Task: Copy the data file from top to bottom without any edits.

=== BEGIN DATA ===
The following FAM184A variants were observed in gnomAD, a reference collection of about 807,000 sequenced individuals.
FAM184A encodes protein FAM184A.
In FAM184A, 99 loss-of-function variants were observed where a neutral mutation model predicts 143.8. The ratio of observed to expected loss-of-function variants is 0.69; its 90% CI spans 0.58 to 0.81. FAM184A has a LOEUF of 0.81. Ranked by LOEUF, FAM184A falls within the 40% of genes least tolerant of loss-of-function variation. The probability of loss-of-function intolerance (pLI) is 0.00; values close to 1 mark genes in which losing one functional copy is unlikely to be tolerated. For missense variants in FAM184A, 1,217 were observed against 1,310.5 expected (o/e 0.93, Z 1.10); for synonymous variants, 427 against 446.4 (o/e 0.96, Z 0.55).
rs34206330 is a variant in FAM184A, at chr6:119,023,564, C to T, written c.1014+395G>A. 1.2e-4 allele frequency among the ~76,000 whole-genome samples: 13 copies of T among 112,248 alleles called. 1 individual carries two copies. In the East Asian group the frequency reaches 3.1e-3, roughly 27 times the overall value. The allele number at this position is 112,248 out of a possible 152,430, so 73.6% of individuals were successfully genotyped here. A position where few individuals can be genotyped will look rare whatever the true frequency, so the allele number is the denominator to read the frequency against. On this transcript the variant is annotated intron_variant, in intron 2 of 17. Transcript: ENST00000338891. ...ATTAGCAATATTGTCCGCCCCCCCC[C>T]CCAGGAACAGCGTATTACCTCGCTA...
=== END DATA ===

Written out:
The following FAM184A variants were observed in gnomAD, a reference collection of about 807,000 sequenced individuals.
FAM184A encodes protein FAM184A.
In FAM184A, 99 loss-of-function variants were observed where a neutral mutation model predicts 143.8. The ratio of observed to expected loss-of-function variants is 0.69; its 90% CI spans 0.58 to 0.81. FAM184A has a LOEUF of 0.81. Ranked by LOEUF, FAM184A falls within the 40% of genes least tolerant of loss-of-function variation. The probability of loss-of-function intolerance (pLI) is 0.00; values close to 1 mark genes in which losing one functional copy is unlikely to be tolerated. For missense variants in FAM184A, 1,217 were observed against 1,310.5 expected (o/e 0.93, Z 1.10); for synonymous variants, 427 against 446.4 (o/e 0.96, Z 0.55).
rs34206330 is a variant in FAM184A, at chr6:119,023,564, C to T, written c.1014+395G>A. 1.2e-4 allele frequency among the ~76,000 whole-genome samples: 13 copies of T among 112,248 alleles called. 1 individual carries two copies. In the East Asian group the frequency reaches 3.1e-3, roughly 27 times the overall value. The allele number at this position is 112,248 out of a possible 152,430, so 73.6% of individuals were successfully genotyped here. A position where few individuals can be genotyped will look rare whatever the true frequency, so the allele number is the denominator to read the frequency against. On this transcript the variant is annotated intron_variant, in intron 2 of 17. Transcript: ENST00000338891. ...ATTAGCAATATTGTCCGCCCCCCCC[C>T]CCAGGAACAGCGTATTACCTCGCTA...